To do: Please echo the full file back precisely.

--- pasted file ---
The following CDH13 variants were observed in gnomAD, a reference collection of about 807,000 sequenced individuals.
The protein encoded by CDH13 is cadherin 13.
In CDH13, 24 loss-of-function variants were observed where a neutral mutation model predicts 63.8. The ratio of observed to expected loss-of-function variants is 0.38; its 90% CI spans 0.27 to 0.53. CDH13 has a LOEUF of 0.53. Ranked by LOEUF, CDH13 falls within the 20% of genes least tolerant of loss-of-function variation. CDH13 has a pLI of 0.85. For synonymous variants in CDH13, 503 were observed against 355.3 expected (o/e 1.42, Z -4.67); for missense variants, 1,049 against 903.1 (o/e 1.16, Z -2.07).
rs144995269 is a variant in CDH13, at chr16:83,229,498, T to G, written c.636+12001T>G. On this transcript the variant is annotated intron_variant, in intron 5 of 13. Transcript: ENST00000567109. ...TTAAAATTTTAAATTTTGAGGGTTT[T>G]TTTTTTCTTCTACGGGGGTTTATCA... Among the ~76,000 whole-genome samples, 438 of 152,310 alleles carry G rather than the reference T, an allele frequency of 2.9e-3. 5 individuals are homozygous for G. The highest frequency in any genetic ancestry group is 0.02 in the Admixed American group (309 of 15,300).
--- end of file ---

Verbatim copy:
The following CDH13 variants were observed in gnomAD, a reference collection of about 807,000 sequenced individuals.
The protein encoded by CDH13 is cadherin 13.
In CDH13, 24 loss-of-function variants were observed where a neutral mutation model predicts 63.8. The ratio of observed to expected loss-of-function variants is 0.38; its 90% CI spans 0.27 to 0.53. CDH13 has a LOEUF of 0.53. Ranked by LOEUF, CDH13 falls within the 20% of genes least tolerant of loss-of-function variation. CDH13 has a pLI of 0.85. For synonymous variants in CDH13, 503 were observed against 355.3 expected (o/e 1.42, Z -4.67); for missense variants, 1,049 against 903.1 (o/e 1.16, Z -2.07).
rs144995269 is a variant in CDH13, at chr16:83,229,498, T to G, written c.636+12001T>G. On this transcript the variant is annotated intron_variant, in intron 5 of 13. Transcript: ENST00000567109. ...TTAAAATTTTAAATTTTGAGGGTTT[T>G]TTTTTTCTTCTACGGGGGTTTATCA... Among the ~76,000 whole-genome samples, 438 of 152,310 alleles carry G rather than the reference T, an allele frequency of 2.9e-3. 5 individuals are homozygous for G. The highest frequency in any genetic ancestry group is 0.02 in the Admixed American group (309 of 15,300).